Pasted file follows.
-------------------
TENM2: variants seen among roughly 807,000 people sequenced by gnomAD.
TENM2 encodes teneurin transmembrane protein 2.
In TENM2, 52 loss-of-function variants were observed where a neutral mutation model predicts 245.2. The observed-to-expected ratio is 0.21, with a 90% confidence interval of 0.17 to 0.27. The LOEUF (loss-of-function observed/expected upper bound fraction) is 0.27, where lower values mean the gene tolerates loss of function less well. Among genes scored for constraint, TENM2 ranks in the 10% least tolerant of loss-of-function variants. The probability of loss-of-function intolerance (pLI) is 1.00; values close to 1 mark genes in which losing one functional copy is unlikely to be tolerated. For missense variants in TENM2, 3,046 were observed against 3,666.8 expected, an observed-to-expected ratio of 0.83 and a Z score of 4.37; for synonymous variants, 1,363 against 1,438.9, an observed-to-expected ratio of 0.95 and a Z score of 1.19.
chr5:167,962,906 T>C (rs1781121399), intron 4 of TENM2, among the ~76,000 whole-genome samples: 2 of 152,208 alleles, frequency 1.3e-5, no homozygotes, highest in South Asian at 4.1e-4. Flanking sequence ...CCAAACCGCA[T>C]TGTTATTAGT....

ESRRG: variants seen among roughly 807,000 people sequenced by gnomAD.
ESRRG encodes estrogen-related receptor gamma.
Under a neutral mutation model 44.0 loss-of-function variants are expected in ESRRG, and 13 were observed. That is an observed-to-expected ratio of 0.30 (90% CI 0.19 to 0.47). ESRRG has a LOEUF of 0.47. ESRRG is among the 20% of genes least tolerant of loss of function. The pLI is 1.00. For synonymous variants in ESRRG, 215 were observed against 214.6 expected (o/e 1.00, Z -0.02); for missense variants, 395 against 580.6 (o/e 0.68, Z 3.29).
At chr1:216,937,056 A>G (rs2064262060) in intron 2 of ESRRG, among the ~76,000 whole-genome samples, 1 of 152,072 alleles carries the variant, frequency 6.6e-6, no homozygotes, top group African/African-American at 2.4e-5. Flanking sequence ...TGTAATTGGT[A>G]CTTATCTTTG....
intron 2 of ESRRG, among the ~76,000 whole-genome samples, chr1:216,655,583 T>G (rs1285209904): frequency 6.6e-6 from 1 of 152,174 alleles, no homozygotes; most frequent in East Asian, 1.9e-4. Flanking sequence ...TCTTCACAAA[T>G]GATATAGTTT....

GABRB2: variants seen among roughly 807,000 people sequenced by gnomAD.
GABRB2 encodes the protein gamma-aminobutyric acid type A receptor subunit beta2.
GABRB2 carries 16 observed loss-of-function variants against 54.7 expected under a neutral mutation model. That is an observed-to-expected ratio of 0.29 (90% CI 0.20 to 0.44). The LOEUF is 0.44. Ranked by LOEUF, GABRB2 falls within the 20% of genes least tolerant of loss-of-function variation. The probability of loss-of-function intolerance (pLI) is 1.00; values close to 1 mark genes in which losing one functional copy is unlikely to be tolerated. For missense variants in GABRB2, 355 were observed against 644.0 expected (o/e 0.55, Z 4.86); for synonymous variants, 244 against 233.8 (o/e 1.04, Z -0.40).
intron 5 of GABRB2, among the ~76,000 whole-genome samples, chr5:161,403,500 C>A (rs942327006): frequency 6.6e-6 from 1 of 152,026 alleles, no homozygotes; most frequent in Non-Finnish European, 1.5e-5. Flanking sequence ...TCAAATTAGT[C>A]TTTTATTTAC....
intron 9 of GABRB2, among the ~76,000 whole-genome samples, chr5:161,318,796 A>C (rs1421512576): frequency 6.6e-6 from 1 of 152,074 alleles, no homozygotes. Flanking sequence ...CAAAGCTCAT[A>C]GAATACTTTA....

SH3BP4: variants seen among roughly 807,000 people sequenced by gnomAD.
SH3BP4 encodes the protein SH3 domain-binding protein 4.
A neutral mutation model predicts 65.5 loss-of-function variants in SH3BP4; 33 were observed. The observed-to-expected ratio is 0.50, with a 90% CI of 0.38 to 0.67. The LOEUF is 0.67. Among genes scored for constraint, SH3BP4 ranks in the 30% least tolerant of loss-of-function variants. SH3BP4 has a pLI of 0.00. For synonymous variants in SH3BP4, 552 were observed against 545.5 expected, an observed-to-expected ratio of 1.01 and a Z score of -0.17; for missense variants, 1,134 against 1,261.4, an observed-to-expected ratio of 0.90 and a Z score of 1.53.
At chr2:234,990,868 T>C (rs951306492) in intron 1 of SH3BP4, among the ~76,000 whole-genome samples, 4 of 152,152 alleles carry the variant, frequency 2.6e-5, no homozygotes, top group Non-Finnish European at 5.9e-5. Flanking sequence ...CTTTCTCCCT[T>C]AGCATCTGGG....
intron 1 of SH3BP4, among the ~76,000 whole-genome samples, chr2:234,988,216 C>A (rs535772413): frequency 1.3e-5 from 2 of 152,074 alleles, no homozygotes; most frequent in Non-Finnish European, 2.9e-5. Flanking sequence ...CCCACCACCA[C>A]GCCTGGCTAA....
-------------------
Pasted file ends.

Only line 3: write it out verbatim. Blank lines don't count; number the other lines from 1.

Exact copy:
In TENM2, 52 loss-of-function variants were observed where a neutral mutation model predicts 245.2. The observed-to-expected ratio is 0.21, with a 90% confidence interval of 0.17 to 0.27. The LOEUF (loss-of-function observed/expected upper bound fraction) is 0.27, where lower values mean the gene tolerates loss of function less well. Among genes scored for constraint, TENM2 ranks in the 10% least tolerant of loss-of-function variants. The probability of loss-of-function intolerance (pLI) is 1.00; values close to 1 mark genes in which losing one functional copy is unlikely to be tolerated. For missense variants in TENM2, 3,046 were observed against 3,666.8 expected, an observed-to-expected ratio of 0.83 and a Z score of 4.37; for synonymous variants, 1,363 against 1,438.9, an observed-to-expected ratio of 0.95 and a Z score of 1.19.